MOSCOW (Reuters) - President Vladimir Putin, in a thinly veiled criticism of the United States, portrayed Russia on Thursday as a force for peace and morality that had no desire to be a global superpower.
“We do not aspire to be called some kind of superpower, understanding that as a claim to world or regional hegemony,” Putin said in an annual address to parliamentarians and senior national officials.
“We do not infringe on anyone’s interests, we do not force our patronage on anyone, or try to teach anyone how to live,” he said, using phrases that echo his previous criticisms of the United States.
Russia, he said, would strive to be a leader which defended international law and respected national sovereignty and the independence of nations.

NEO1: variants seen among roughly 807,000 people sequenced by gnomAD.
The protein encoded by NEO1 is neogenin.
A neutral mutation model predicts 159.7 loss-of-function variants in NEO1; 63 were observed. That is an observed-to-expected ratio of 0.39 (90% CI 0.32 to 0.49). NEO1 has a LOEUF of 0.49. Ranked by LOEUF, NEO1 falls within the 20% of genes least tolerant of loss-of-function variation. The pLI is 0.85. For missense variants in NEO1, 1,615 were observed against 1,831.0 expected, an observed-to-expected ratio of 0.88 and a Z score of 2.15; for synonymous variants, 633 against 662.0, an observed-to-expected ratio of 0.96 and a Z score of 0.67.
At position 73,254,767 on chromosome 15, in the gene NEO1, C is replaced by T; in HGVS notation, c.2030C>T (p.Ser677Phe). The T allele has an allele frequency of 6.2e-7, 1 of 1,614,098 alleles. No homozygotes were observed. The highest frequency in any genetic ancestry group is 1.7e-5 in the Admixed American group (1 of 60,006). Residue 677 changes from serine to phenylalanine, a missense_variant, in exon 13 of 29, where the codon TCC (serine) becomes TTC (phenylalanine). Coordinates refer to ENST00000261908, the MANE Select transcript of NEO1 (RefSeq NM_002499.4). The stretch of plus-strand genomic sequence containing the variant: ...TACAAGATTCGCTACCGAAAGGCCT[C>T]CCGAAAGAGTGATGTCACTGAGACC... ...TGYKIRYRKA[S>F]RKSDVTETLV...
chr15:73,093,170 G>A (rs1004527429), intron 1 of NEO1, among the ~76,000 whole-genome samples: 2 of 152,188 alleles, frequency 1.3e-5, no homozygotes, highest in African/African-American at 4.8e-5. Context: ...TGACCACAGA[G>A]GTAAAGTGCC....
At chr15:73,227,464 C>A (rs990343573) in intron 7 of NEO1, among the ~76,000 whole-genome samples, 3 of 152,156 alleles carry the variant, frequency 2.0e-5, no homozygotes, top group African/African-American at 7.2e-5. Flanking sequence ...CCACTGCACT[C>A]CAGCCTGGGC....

“This is absolutely understandable for a state like Russia, with its great history and culture,” he said.
Russia had a big role in a deal under which Damascus is to scrap its chemical weapons and possible U.S. military strikes were averted. He said Russia had helped “international law, common sense and the logic of peace” prevail.
Without naming the United States, Putin warned that the development of anti-missile shields and powerful long-range non-nuclear weapons could “reduce to nothing” existing nuclear arms control pacts and upset the post-Cold War strategic balance.
“Nobody should have any illusion about the possibility of gaining military superiority over Russia,” he said. “We will never allow this to happen. Russia will respond to all these challenges, political and military.”
Russia is developing its own effective non-nuclear weapons, he said, adding that in efforts to upgrade its nuclear arsenal “we are reaching new milestones successfully and on schedule. Some of our partners will have to catch up.”
Reporting by Alexei Anishchuk,; Writing by Steve Gutterman, Editing by Timothy Heritage